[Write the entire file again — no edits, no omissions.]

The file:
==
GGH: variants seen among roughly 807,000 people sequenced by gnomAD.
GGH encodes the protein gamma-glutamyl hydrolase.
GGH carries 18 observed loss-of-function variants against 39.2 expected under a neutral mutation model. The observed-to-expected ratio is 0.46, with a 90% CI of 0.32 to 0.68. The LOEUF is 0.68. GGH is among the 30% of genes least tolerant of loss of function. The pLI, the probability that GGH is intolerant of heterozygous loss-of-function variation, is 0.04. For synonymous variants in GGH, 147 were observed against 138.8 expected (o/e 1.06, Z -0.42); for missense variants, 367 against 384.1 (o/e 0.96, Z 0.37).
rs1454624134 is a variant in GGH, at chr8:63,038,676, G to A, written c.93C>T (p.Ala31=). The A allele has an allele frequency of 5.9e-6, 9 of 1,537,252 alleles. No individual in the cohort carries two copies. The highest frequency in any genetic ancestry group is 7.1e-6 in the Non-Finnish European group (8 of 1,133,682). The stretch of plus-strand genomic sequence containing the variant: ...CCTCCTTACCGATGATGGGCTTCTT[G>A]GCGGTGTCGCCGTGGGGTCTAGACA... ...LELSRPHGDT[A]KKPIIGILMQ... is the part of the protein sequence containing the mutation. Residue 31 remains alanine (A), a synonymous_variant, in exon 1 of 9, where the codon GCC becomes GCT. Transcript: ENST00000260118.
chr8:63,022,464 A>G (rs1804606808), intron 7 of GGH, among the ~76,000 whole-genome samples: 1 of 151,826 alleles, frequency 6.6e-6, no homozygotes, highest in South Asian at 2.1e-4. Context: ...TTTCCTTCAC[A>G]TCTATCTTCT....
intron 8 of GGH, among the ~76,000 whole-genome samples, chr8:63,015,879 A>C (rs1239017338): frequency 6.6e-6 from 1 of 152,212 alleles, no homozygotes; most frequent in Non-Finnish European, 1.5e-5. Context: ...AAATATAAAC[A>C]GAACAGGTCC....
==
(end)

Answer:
GGH: variants seen among roughly 807,000 people sequenced by gnomAD.
GGH encodes the protein gamma-glutamyl hydrolase.
GGH carries 18 observed loss-of-function variants against 39.2 expected under a neutral mutation model. The observed-to-expected ratio is 0.46, with a 90% CI of 0.32 to 0.68. The LOEUF is 0.68. GGH is among the 30% of genes least tolerant of loss of function. The pLI, the probability that GGH is intolerant of heterozygous loss-of-function variation, is 0.04. For synonymous variants in GGH, 147 were observed against 138.8 expected (o/e 1.06, Z -0.42); for missense variants, 367 against 384.1 (o/e 0.96, Z 0.37).
rs1454624134 is a variant in GGH, at chr8:63,038,676, G to A, written c.93C>T (p.Ala31=). The A allele has an allele frequency of 5.9e-6, 9 of 1,537,252 alleles. No individual in the cohort carries two copies. The highest frequency in any genetic ancestry group is 7.1e-6 in the Non-Finnish European group (8 of 1,133,682). The stretch of plus-strand genomic sequence containing the variant: ...CCTCCTTACCGATGATGGGCTTCTT[G>A]GCGGTGTCGCCGTGGGGTCTAGACA... ...LELSRPHGDT[A]KKPIIGILMQ... is the part of the protein sequence containing the mutation. Residue 31 remains alanine (A), a synonymous_variant, in exon 1 of 9, where the codon GCC becomes GCT. Transcript: ENST00000260118.
chr8:63,022,464 A>G (rs1804606808), intron 7 of GGH, among the ~76,000 whole-genome samples: 1 of 151,826 alleles, frequency 6.6e-6, no homozygotes, highest in South Asian at 2.1e-4. Context: ...TTTCCTTCAC[A>G]TCTATCTTCT....
intron 8 of GGH, among the ~76,000 whole-genome samples, chr8:63,015,879 A>C (rs1239017338): frequency 6.6e-6 from 1 of 152,212 alleles, no homozygotes; most frequent in Non-Finnish European, 1.5e-5. Context: ...AAATATAAAC[A>C]GAACAGGTCC....